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Boccaccio's Decameron

This splendid medieval festival of storytelling is a collection of exactly one hundred novellas, ostensibly recounted by a group of lords and ladies who fled the city because of the plague and who passed the time by telling stories to each other. The following example of a successful springboard story is the Seventh Story of the First Day:

It is a matter of very common knowledge throughout the greater part of the world that Can Grande della Scala, upon whom Fortune smiled in so many of his deeds was one of the most outstanding and magnificent princes that Italy has known since the Emperor Frederick the Second.

He once arranged to hold a splendid and marvelous festival at Verona to which many people would be coming from all over the place, in particular court-entertainers of various kinds. But for reasons of his own, he suddenly changed his mind about it, offered token presents to those who had come, and sent them all packing. The only person to receive neither present nor other dispensation was a certain Bergamino, a conversationalist of quite extraordinary wit and brilliance, who lingered on in the hope that it would eventually turn out to his advantage. But Can Grande had the fixed idea that whatever he gave to this man would be more surely wasted than if he had thrown it into the fire. He did not, however, say anything personally to Bergamino about this, nor did he have him told by others.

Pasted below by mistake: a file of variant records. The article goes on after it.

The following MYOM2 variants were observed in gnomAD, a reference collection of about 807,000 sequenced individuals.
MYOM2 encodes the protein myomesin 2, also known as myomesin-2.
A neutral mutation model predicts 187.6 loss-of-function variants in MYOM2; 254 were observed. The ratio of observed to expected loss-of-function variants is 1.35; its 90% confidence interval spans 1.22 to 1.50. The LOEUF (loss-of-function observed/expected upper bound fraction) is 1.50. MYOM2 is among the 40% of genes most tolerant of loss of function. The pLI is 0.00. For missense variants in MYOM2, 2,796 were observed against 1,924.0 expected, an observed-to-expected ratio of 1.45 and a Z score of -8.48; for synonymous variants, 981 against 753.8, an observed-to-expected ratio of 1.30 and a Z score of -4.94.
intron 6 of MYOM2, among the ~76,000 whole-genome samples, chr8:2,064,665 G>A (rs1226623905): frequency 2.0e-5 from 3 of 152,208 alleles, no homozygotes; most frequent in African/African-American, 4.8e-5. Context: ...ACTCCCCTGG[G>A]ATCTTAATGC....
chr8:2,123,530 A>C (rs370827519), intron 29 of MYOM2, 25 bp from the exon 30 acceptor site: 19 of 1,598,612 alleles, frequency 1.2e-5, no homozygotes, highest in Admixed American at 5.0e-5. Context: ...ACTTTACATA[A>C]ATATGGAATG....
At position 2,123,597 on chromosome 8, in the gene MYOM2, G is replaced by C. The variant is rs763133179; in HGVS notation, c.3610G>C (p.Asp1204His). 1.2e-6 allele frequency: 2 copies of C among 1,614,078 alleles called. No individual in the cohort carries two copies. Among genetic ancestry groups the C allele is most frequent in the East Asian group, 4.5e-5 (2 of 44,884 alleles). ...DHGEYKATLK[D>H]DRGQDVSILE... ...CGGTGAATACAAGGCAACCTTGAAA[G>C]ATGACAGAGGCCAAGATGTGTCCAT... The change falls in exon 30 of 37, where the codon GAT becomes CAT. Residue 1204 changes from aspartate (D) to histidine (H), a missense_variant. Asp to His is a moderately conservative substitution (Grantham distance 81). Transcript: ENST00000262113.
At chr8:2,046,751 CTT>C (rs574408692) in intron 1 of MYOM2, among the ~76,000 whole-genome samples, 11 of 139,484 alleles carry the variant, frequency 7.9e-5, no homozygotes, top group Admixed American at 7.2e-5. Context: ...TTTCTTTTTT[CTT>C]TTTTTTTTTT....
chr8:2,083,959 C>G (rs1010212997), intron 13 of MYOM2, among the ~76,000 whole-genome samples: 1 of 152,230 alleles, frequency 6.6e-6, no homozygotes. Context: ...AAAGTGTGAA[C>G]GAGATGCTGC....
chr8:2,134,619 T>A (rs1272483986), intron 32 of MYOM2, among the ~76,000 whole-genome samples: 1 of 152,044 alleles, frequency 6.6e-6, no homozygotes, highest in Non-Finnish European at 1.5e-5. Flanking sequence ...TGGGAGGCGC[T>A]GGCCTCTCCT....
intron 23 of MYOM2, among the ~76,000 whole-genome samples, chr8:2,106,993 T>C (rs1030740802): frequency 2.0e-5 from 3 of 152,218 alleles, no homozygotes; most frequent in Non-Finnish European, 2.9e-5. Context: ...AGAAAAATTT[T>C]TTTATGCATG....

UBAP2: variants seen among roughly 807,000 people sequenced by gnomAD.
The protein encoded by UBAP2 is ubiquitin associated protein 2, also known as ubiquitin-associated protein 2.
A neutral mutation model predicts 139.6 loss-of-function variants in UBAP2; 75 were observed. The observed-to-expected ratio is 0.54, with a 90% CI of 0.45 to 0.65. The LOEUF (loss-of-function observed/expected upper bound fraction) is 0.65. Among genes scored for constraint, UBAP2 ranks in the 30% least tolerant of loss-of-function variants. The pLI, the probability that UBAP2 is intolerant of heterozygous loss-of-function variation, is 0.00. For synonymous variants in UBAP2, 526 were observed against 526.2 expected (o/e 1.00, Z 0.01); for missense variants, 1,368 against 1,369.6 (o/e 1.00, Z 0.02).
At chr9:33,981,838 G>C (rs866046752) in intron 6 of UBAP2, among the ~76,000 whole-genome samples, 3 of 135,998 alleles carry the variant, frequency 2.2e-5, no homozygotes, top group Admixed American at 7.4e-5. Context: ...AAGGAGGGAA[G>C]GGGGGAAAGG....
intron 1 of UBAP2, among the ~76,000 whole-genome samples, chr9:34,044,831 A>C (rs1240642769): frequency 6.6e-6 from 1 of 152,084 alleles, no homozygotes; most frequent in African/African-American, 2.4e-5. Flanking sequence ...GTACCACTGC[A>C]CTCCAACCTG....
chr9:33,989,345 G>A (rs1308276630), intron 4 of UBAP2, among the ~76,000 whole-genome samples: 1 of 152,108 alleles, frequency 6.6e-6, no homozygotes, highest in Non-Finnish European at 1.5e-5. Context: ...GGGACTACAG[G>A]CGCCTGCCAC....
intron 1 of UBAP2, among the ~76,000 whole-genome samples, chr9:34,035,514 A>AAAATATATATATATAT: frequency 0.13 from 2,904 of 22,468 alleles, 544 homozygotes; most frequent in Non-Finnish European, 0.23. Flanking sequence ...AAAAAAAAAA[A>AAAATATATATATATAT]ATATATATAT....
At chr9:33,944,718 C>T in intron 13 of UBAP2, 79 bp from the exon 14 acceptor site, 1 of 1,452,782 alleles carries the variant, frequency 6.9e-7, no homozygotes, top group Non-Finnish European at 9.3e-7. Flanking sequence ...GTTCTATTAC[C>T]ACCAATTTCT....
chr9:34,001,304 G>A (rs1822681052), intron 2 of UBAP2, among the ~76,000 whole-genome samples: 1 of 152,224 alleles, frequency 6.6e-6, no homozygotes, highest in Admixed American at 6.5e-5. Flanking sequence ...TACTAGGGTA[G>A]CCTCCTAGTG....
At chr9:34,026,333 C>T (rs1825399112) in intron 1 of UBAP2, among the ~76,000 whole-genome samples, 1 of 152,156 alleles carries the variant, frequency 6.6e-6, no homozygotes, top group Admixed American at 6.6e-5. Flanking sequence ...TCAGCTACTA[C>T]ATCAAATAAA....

Some few days being passed over, and Bergamino perceiving, that he was neither called, nor any account made of, notwithstanding many manly good parts in him; observing beside, that he found a shrewd consumption in his purse, his Inn, horses, and servants, being chargeable to him, he began to grow extremely melancholy, and yet he attended in expectation day by day, as thinking it far unfitting for him, to depart before he was bidden farewell.